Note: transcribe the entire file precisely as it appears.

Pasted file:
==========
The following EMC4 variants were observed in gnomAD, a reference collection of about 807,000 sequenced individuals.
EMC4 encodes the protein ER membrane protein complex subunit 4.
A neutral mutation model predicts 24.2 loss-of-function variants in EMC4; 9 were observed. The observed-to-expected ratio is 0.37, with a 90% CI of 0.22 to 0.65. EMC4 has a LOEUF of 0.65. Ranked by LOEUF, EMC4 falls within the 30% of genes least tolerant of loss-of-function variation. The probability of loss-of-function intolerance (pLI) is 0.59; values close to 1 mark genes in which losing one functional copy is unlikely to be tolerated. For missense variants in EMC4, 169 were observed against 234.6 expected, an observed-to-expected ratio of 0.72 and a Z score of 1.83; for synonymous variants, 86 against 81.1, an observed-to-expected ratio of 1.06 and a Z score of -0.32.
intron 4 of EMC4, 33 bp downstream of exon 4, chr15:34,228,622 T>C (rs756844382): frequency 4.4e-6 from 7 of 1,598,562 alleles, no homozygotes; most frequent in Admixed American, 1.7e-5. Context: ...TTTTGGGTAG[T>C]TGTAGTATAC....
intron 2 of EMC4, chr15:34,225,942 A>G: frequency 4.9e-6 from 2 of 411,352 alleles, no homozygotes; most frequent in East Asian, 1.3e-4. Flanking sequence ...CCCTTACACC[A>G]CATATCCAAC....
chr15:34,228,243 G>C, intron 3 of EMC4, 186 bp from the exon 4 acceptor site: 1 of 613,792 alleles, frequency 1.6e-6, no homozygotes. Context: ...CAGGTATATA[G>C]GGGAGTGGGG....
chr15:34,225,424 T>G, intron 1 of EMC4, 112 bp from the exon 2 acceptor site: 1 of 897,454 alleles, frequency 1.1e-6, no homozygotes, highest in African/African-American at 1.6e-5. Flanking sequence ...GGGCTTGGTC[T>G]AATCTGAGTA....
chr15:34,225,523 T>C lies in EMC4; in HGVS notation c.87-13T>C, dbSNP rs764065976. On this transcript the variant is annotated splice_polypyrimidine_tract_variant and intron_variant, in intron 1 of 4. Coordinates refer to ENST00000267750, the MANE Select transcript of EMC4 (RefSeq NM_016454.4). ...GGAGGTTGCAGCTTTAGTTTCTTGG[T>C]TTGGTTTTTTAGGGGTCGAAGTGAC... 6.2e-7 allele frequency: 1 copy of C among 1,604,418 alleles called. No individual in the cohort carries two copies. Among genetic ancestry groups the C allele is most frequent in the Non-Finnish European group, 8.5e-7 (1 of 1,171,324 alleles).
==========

The following EMC4 variants were observed in gnomAD, a reference collection of about 807,000 sequenced individuals.
EMC4 encodes the protein ER membrane protein complex subunit 4.
A neutral mutation model predicts 24.2 loss-of-function variants in EMC4; 9 were observed. The observed-to-expected ratio is 0.37, with a 90% CI of 0.22 to 0.65. EMC4 has a LOEUF of 0.65. Ranked by LOEUF, EMC4 falls within the 30% of genes least tolerant of loss-of-function variation. The probability of loss-of-function intolerance (pLI) is 0.59; values close to 1 mark genes in which losing one functional copy is unlikely to be tolerated. For missense variants in EMC4, 169 were observed against 234.6 expected, an observed-to-expected ratio of 0.72 and a Z score of 1.83; for synonymous variants, 86 against 81.1, an observed-to-expected ratio of 1.06 and a Z score of -0.32.
intron 4 of EMC4, 33 bp downstream of exon 4, chr15:34,228,622 T>C (rs756844382): frequency 4.4e-6 from 7 of 1,598,562 alleles, no homozygotes; most frequent in Admixed American, 1.7e-5. Context: ...TTTTGGGTAG[T>C]TGTAGTATAC....
intron 2 of EMC4, chr15:34,225,942 A>G: frequency 4.9e-6 from 2 of 411,352 alleles, no homozygotes; most frequent in East Asian, 1.3e-4. Flanking sequence ...CCCTTACACC[A>G]CATATCCAAC....
chr15:34,228,243 G>C, intron 3 of EMC4, 186 bp from the exon 4 acceptor site: 1 of 613,792 alleles, frequency 1.6e-6, no homozygotes. Context: ...CAGGTATATA[G>C]GGGAGTGGGG....
chr15:34,225,424 T>G, intron 1 of EMC4, 112 bp from the exon 2 acceptor site: 1 of 897,454 alleles, frequency 1.1e-6, no homozygotes, highest in African/African-American at 1.6e-5. Flanking sequence ...GGGCTTGGTC[T>G]AATCTGAGTA....
chr15:34,225,523 T>C lies in EMC4; in HGVS notation c.87-13T>C, dbSNP rs764065976. On this transcript the variant is annotated splice_polypyrimidine_tract_variant and intron_variant, in intron 1 of 4. Coordinates refer to ENST00000267750, the MANE Select transcript of EMC4 (RefSeq NM_016454.4). ...GGAGGTTGCAGCTTTAGTTTCTTGG[T>C]TTGGTTTTTTAGGGGTCGAAGTGAC... 6.2e-7 allele frequency: 1 copy of C among 1,604,418 alleles called. No individual in the cohort carries two copies. Among genetic ancestry groups the C allele is most frequent in the Non-Finnish European group, 8.5e-7 (1 of 1,171,324 alleles).